StrategyPage has a bit more:
The U.S. Army wants to spend $20 billion over the next seven years to create a force of 42 active duty combat brigades (from the current force of 33), and increasing the number of National Guard combat brigades from 15 to 22. In addition, many unneeded field artillery, air defense, engineer, armor and ordnance battalions will be disbanded while increasing the number of military police, transportation, petroleum and water distribution, civil affairs, psychological operations and biological warfare detection units. The new combat brigades would be smaller than the current ones (two battalions versus three) and have more support units attached to enable the brigades to operate independently. The current 33 brigades include 11 light infantry, 17 heavy mech infantry and armor, 5 Stryker) will be turned into 15 infantry brigades, 22 armored brigades and five Stryker brigades. The new armor brigades will combine tanks and mech infantry by having four companies (two tank and two mech infantry) per each of its two battalions. The armor brigade would also have a recon battalion. The exact details of the reorganization are still being worked out. For example, the fourth and fifth brigades in divisions would use the current headquarters of the aviation and engineer brigades to form headquarters.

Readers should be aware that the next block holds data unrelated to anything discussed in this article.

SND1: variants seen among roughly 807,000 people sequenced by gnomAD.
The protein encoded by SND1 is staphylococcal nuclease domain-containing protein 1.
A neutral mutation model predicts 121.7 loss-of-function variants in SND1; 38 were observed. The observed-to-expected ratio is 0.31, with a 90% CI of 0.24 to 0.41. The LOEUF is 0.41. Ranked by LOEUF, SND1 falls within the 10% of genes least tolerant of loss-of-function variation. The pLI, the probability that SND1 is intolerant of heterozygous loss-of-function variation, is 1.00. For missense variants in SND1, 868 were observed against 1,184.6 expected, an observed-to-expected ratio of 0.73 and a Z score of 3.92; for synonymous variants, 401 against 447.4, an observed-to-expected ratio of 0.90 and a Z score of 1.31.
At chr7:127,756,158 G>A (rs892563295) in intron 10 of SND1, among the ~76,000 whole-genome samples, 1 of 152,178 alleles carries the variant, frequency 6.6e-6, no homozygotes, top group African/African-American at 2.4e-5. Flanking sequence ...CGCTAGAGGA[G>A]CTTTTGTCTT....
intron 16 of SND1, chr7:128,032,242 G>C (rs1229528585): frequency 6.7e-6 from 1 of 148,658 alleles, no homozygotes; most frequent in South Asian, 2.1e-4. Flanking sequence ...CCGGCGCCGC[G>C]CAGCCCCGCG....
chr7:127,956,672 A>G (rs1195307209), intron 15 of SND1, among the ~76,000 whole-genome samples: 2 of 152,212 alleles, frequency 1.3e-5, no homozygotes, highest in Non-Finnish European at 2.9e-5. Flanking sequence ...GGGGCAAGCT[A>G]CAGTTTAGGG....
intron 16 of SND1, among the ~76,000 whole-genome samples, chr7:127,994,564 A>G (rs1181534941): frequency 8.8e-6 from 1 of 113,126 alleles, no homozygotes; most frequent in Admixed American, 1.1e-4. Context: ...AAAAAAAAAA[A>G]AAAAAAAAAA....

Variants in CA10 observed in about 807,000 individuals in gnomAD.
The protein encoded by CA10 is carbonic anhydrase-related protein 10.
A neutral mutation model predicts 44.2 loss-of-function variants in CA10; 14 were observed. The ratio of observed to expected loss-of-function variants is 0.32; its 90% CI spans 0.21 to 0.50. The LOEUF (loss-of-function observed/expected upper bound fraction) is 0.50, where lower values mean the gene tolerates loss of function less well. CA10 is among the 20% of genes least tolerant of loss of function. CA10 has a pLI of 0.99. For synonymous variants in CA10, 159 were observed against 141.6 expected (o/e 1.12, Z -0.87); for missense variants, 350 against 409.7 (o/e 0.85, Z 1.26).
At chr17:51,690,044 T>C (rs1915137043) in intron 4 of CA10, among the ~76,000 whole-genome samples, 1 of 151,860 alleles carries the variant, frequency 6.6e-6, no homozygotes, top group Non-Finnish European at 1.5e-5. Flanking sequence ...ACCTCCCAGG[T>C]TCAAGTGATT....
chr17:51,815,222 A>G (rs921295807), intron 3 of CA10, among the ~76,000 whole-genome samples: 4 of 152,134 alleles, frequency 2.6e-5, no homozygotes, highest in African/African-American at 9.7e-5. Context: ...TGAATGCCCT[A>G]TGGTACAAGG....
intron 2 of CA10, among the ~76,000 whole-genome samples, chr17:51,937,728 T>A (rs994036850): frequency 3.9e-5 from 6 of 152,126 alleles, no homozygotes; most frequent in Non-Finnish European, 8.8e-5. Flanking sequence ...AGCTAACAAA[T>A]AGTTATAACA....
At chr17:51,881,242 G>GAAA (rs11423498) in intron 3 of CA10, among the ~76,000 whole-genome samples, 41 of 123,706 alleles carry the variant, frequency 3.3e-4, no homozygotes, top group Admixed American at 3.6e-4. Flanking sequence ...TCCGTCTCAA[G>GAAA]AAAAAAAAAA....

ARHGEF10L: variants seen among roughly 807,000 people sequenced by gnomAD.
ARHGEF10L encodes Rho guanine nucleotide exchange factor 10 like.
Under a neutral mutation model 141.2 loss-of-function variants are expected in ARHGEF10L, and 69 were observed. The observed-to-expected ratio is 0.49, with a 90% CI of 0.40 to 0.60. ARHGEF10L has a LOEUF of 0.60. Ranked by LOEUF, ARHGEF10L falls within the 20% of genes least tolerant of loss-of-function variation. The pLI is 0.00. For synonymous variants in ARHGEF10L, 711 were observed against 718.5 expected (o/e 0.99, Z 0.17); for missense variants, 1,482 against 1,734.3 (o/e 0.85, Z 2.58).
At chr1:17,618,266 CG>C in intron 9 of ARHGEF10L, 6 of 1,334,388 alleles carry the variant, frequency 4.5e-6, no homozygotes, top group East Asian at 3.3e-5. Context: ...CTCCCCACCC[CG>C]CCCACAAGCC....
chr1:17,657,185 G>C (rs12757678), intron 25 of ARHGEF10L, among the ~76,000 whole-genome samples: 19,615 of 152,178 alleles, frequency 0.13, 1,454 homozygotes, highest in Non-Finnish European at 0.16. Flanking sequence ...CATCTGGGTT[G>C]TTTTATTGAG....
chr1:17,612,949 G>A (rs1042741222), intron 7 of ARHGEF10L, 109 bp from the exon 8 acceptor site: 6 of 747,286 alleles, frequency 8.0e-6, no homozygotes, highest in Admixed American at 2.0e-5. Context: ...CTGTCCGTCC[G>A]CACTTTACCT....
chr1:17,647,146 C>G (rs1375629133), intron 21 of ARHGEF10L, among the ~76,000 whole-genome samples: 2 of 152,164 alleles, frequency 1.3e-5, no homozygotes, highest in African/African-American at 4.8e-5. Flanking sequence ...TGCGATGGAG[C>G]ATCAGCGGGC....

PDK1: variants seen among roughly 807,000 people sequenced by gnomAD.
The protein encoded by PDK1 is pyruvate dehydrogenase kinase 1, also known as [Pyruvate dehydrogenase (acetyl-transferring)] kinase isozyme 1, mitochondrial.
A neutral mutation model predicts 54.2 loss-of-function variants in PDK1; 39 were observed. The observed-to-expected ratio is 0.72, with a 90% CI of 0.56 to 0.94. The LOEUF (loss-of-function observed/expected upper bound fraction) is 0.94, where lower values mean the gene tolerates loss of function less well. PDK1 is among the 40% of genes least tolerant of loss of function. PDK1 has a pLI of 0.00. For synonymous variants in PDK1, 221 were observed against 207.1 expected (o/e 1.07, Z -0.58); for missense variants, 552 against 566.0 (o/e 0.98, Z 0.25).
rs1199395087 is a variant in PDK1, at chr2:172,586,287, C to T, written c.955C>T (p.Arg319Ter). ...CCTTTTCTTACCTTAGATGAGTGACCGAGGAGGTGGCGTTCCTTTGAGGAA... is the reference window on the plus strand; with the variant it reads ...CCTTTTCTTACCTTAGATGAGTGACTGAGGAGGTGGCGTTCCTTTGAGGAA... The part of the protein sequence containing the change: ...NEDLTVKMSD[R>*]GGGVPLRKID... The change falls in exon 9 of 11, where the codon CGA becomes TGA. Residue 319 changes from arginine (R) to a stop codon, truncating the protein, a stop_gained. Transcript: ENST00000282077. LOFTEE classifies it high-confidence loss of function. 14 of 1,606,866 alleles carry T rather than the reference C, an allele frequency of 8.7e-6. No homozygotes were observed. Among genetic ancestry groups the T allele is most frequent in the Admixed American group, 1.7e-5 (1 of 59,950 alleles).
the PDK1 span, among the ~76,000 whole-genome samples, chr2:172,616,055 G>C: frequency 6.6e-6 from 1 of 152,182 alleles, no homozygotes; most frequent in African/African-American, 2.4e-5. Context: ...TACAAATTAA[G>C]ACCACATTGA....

This makes so much sense that one fears it won’t actually happen. If Rumsfeld, Schoomaker, and company do pull this off, it’s the most successful reorganization ever.
This sounds somewhat like the infamous “Pentomic” army of the 50s. God, I hope I’m wrong.
The key here is the creation of more psyop, MP, linguists, etc. on active duty and the shift of some heavy forces to the reserves. We’ll see.
It sounds like they’re building an army that can more easily deploy brigade- or battalion-size units to hotspots on short notice. But I’m curious about how it will impact _large-scale_ army ops, such as another OEF/OIF thing. Will these new brigades be able to play nice together?